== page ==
Justice

From Brinnalamaya: It is Giftingtide, and the Freefolk have had their festivities interrupted by the discovery of Mirramarduk hiding in the stables. Their hated enemy, who caused so much suffering, has been delivered to them. Now justice can be done.

“Well then,” Tristramacus said, “Back to the subject at hand.  How do you people intend to execute this being whom you have condemned to death?”

There was an uneasy and confused murmuring among the Freefolk, and even as they spoke among themselves indecisively, Per pushed his way forward.  “Excuse me,” he said, “I know I sort of stepped aside to let younger folks run things, but I’ve got to speak up here.  Now, you all know I’m about as fond of the old snake as the rest of you.  But killing is not our business.  And besides, he is of the Elder Race, and I’d feel real uncomfortable being party to the killing of one of them, even him.  Especially since the Lord seems to be going out of his way to tell us he thinks maybe it isn’t such a good idea.  We’ve never gone wrong trusting in the Lord and Lady.  I say we don’t stop now.  Lord, I’ll ask you point blank, do you think we ought to let the old snake go?”

“We can’t just let him go!” Tam cried.  “He has got to be made to pay for his crimes!”

“What, with his life?” Per replied.  “What’s that coin going to buy?  Nothing good that I can see.”

“It is justice!” Tam insisted.

“Not as I see it.  And I think Kel wouldn’t see it that way either.  No, she’d want what’s best for her people, and it sounds like what the Elder Folk have got worked out pays off more handsomely than any single corpse.  Besides, blood makes a bad meal, especially at Giftingtide.  You folks do recall it’s Giftingtide, don’t you?”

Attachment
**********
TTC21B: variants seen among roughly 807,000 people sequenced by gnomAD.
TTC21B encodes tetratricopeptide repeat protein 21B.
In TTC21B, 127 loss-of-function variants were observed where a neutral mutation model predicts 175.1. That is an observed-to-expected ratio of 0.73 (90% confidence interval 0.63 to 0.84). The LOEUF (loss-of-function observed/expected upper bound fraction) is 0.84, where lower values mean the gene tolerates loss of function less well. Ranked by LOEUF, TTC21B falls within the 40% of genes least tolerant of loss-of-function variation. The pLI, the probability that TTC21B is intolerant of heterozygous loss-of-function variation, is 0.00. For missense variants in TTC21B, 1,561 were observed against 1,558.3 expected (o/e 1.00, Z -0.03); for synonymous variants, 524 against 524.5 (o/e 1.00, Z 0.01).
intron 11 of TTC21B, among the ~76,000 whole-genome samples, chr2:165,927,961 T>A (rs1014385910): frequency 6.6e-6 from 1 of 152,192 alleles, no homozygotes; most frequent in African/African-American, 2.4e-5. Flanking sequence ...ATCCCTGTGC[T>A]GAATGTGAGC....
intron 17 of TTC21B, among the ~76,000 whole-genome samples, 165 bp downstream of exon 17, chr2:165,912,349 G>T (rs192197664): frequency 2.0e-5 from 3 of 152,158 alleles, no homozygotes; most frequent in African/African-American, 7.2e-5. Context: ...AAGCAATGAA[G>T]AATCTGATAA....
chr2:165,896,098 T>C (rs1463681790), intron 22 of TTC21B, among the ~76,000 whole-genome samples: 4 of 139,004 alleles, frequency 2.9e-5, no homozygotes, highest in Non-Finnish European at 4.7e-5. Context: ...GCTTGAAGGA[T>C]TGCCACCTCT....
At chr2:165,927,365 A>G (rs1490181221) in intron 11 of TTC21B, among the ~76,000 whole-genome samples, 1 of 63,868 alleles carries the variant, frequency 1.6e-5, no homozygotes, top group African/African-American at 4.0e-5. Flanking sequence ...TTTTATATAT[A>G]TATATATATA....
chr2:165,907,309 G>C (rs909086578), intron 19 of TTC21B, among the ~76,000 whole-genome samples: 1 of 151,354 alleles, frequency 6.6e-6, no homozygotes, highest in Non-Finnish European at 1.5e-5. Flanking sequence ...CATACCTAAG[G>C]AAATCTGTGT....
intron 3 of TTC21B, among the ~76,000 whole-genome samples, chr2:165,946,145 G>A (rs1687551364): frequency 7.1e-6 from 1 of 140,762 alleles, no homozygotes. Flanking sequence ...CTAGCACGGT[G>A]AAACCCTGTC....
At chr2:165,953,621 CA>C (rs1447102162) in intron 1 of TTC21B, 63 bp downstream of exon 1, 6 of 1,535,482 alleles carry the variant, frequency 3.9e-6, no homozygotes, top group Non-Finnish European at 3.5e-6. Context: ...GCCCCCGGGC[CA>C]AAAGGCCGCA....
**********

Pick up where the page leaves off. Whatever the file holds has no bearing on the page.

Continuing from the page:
They glanced at one another uneasily.

“That doesn’t enter into it,” Tam insisted.

“Oh, doesn’t it?” Per replied.  “It’s the season when we’re supposed to look in our hearts and try to find the best that’s in us.  That means forgiving our enemies and making peace.  That’s easy when it’s kin or neighbor you’ve just had a bit of a quarrel with.  It’s a bit harder when it’s someone like the Prophet of Lies.  Puts it in perspective, doesn’t it?”

“How can we forgive him for what he did?” Tam asked.  “For the sake of my father, for the sake of Kel’s kin, for the sake of all of us who have seen people we loved suffer and die because of him, we must see justice done!”

“Is killing him going to bring your father back, Tam?  Just make you feel better, that’s all.  But it’s a mean kind of feeling better.  A kind of feeling better that doesn’t make you any better off.  Your father will still be dead, Tam, and any good the old snake might have done to make up for his past wickedness is out the window.”

“I don’t believe he’d ever change.”

“Well,” Per said, “The chances he would are a sight better if he’s alive than if he’s dead, eh?”

[from Brinnalamayaread more excerpts]

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